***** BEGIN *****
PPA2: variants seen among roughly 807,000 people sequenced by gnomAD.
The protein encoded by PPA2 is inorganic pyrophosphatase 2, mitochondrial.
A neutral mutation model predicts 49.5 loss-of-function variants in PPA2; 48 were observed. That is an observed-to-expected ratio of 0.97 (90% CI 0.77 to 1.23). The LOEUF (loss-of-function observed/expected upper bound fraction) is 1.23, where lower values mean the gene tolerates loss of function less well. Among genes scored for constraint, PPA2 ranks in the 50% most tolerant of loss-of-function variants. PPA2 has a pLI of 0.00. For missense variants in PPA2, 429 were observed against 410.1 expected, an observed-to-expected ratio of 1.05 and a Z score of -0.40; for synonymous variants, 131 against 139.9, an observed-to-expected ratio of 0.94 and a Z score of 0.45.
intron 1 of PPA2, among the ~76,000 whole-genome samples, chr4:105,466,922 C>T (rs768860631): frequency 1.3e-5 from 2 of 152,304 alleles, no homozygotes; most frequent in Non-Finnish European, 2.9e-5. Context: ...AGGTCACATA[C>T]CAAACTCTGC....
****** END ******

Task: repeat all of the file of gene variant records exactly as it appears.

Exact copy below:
PPA2: variants seen among roughly 807,000 people sequenced by gnomAD.
The protein encoded by PPA2 is inorganic pyrophosphatase 2, mitochondrial.
A neutral mutation model predicts 49.5 loss-of-function variants in PPA2; 48 were observed. That is an observed-to-expected ratio of 0.97 (90% CI 0.77 to 1.23). The LOEUF (loss-of-function observed/expected upper bound fraction) is 1.23, where lower values mean the gene tolerates loss of function less well. Among genes scored for constraint, PPA2 ranks in the 50% most tolerant of loss-of-function variants. PPA2 has a pLI of 0.00. For missense variants in PPA2, 429 were observed against 410.1 expected, an observed-to-expected ratio of 1.05 and a Z score of -0.40; for synonymous variants, 131 against 139.9, an observed-to-expected ratio of 0.94 and a Z score of 0.45.
intron 1 of PPA2, among the ~76,000 whole-genome samples, chr4:105,466,922 C>T (rs768860631): frequency 1.3e-5 from 2 of 152,304 alleles, no homozygotes; most frequent in Non-Finnish European, 2.9e-5. Context: ...AGGTCACATA[C>T]CAAACTCTGC....